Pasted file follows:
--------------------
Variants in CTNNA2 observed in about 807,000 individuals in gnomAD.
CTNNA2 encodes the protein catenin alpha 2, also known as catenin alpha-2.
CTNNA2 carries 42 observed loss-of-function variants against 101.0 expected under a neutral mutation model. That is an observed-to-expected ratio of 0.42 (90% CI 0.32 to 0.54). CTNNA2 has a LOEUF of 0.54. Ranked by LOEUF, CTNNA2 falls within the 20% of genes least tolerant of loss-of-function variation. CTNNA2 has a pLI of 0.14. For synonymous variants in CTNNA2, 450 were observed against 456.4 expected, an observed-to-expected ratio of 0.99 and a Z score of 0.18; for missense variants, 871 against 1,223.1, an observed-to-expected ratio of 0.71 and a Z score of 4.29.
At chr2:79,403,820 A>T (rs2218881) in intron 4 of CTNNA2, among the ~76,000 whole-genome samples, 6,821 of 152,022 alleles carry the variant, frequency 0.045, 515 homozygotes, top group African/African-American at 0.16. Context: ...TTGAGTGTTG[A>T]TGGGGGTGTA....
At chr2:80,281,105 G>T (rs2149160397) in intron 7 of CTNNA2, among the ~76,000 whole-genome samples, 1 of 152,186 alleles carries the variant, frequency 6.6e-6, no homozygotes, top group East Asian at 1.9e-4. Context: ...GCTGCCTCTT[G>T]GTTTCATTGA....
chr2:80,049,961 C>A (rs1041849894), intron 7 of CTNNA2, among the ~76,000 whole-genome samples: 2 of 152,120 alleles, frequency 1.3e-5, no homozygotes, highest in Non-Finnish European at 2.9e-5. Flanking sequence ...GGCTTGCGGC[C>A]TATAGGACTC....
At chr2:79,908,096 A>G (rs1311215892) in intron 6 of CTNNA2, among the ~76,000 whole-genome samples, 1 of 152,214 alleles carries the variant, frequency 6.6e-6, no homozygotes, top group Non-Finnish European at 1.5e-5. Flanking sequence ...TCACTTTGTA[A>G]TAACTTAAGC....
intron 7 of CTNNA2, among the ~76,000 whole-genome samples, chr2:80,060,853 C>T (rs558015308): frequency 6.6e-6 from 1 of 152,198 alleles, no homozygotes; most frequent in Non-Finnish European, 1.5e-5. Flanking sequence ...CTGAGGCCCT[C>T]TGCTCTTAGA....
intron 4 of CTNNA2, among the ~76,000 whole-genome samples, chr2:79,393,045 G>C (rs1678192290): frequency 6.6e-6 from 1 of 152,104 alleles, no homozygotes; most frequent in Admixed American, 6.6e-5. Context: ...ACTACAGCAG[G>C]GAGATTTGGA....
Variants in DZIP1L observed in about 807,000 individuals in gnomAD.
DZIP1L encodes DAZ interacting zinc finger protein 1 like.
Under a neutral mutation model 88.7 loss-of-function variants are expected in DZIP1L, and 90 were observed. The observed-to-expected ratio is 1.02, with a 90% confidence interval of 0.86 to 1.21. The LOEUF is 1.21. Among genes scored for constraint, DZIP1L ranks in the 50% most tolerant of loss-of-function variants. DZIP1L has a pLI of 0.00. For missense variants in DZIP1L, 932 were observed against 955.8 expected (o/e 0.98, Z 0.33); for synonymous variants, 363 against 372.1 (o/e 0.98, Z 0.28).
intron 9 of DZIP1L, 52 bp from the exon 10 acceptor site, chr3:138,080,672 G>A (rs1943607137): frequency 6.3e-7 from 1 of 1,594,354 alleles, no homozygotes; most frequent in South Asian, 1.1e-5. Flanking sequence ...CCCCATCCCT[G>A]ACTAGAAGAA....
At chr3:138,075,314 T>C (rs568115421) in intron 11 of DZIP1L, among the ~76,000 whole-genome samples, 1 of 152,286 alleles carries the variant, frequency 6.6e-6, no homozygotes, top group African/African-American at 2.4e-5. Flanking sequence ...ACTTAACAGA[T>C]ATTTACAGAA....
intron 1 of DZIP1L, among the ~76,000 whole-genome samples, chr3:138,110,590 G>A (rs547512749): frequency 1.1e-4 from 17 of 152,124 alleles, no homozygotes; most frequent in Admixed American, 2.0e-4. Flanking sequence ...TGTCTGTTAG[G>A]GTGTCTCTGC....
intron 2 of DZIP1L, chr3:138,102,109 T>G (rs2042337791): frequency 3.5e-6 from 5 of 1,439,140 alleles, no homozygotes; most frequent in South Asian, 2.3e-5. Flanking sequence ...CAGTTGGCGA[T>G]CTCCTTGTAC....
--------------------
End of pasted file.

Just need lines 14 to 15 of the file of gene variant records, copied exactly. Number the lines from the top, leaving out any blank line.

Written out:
At chr3:138,075,314 T>C (rs568115421) in intron 11 of DZIP1L, among the ~76,000 whole-genome samples, 1 of 152,286 alleles carries the variant, frequency 6.6e-6, no homozygotes, top group African/African-American at 2.4e-5. Flanking sequence ...ACTTAACAGA[T>C]ATTTACAGAA....
intron 1 of DZIP1L, among the ~76,000 whole-genome samples, chr3:138,110,590 G>A (rs547512749): frequency 1.1e-4 from 17 of 152,124 alleles, no homozygotes; most frequent in Admixed American, 2.0e-4. Flanking sequence ...TGTCTGTTAG[G>A]GTGTCTCTGC....